The death of high-end wine?
Ever since last Fall, every wine writer has written about how hard high-end wines have been hit by the recession. I have, for sure. The latest is the Santa Rosa Press-Democrat’s Kevin McCallum, who wrote this piece entitled “Makers of high-end wines caught in ‘dead zone’.” It does a good, and scary, job of describing “the demise” of Flanagan Family Winery, whose owner sank his heart into the project, only to see the recession come along and kill the ultrapremium tier he hoped to conquer.
Kevin gets to the point when he writes “Some think the reversal will be short-lived; others say something has fundamentally changed in the wine business.” This is, of course, the 64 dollar question, and I won’t attempt to answer it because I don’t have a crystal ball. But it is worth speculating about the second premise of Kevin’s statement, namely that “something has fundamentally changed in the wine business.”
Has it? Or are we all just prone to making cataclysmic prognostications of gloom and doom, when, actually, things don’t ever change that suddenly or radically? Well, to begin with, some things do change that suddenly. Sept. 11 changed almost everything in America. I think historians will refer to pre- and post-Sept. 11 for a long time (and possibly to pre- and post-fourth quarter of 2008 as another epoch-shattering event). And it is, of course, to the fourth quarter of 2008 and the massive recession that the question has to be addressed concerning the wine industry: Has the deck been fundamentally reshuffled, or just temporarily? How long will expensive wine suffer?
One obvious place to look for the answer is personal income. Americans have lost literally trillions of dollars over the past year or so. That’s spending money, folks. And that loss means that tons and tons of stuff is not going to be bought by consumers, including wine. We know this, so the followup question is, will Americans recover the money they lost? If they do, then sales of expensive wine will recover. If they don’t, then it won’t. It’s that simple.
Even if you assume that the recovery is upon us, and employment goes back up, and salaries stabilize if not actually rise, there’s still a big problem: peoples’ retirement incomes — their 401Ks and IRAs — have been demolished. Let’s say someone was making $75,000 a year before the recession and had $750,000 in a retirement account. That person didn’t mind spending $15 or $20 for a bottle of wine, because while she didn’t exactly feel rich, the retirement account was reassuring.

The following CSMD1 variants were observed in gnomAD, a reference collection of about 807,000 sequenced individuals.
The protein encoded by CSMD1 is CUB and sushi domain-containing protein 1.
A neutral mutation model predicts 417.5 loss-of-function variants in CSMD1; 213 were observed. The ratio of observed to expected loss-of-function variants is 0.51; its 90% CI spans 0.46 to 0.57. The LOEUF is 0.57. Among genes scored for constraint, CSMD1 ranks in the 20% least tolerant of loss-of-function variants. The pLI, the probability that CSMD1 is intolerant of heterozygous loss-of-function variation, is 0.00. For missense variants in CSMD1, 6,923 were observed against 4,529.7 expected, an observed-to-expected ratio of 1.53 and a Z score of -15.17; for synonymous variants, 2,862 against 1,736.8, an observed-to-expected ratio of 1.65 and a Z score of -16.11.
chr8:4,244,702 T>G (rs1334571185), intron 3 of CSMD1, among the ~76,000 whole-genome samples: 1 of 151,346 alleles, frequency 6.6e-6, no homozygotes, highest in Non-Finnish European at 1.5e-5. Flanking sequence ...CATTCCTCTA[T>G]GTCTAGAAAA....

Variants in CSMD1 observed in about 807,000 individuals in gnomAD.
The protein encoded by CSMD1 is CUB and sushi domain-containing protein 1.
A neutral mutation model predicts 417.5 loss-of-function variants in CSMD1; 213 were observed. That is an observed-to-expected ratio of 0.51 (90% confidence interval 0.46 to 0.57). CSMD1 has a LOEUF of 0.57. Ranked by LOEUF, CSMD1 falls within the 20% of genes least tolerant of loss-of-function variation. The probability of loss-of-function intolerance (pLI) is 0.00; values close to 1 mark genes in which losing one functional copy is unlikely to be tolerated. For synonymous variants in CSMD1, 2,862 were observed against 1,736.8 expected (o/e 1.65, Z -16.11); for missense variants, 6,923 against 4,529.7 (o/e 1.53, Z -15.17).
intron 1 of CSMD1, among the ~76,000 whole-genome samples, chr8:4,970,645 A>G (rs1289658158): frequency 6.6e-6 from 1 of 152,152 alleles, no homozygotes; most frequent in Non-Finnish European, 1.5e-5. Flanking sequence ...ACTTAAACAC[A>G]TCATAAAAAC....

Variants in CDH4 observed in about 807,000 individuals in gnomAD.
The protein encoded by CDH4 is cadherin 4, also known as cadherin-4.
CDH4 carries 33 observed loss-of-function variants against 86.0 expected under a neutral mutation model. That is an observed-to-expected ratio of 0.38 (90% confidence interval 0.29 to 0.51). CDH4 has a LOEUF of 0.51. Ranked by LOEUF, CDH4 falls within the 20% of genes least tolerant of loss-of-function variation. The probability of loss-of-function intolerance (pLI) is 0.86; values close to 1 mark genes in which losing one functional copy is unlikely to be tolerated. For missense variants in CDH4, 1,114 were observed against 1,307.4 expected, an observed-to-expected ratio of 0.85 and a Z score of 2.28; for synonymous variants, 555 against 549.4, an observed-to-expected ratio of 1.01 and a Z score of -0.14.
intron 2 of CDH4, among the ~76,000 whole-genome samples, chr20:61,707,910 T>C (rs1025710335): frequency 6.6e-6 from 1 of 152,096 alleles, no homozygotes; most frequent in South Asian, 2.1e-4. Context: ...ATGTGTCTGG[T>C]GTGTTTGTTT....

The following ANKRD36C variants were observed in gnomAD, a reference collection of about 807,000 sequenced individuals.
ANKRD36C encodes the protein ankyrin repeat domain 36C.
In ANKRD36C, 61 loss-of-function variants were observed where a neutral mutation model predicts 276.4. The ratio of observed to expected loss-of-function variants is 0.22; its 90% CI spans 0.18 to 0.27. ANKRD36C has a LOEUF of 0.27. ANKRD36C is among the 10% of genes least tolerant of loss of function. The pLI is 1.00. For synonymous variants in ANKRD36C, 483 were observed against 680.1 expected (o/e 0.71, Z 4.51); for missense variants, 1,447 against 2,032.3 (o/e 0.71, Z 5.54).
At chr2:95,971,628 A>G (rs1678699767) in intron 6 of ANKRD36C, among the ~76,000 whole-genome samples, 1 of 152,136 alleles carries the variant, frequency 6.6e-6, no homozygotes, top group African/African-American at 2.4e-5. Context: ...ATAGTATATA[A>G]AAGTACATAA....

But assume now that the value of her IRA has fallen to $350,000. Assume she still has her $75,000 a year job and is reasonably secure in keeping it. Will she still spring for a $20 bottle? I don’t think so. If she’s like many folks I know, her reasoning is, “Gosh, I’ve really lost a lot of money. I have to rebuild my nest egg. And my employer has been talking about us contributing more toward healthcare premiums, as well as higher co-pays and prescription drug costs. So, while I’m not ready to give up wine, instead of spending $20, I’m going to start looking in the under-$10 category.” She does, and you know what? She finds that there are lots inexpensive wines that are as good and satisfying as what she used to buy. She becomes a permanent under-$10 buyer. (Along these lines, I recently gave a high score to an $11 wine. The winemaker called to tell me that it was really a $40 bottle from a winery that couldn’t sell it at that price, so he bought it, retailed it for $11, and still made a tidy profit. There are innumerable instances of this happening every day.)
Multiply our hypothetical consumer by millions of people and you have a permanent shift in American wine-buying habits. The only thing that could change this would be psychology: people are conditioned to think that if something costs more, it’s better, and nowhere is this more true than with wine. It’s a fundamental part of human nature to associate price with quality, however mistaken this is. Here’s where the Millennials and Gen Y come in. In ten years, when they’re at the peak of their purchasing power, will they revert to the old “if it costs more, it’s better” way of thinking, or will they — the smartest generation of wine consumers in history — recognize that cost and quality aren’t always related? Again, I don’t know, but I suspect they may be bamboozle-proof. If so, then we really, truly are witnessing the death of high-end wine.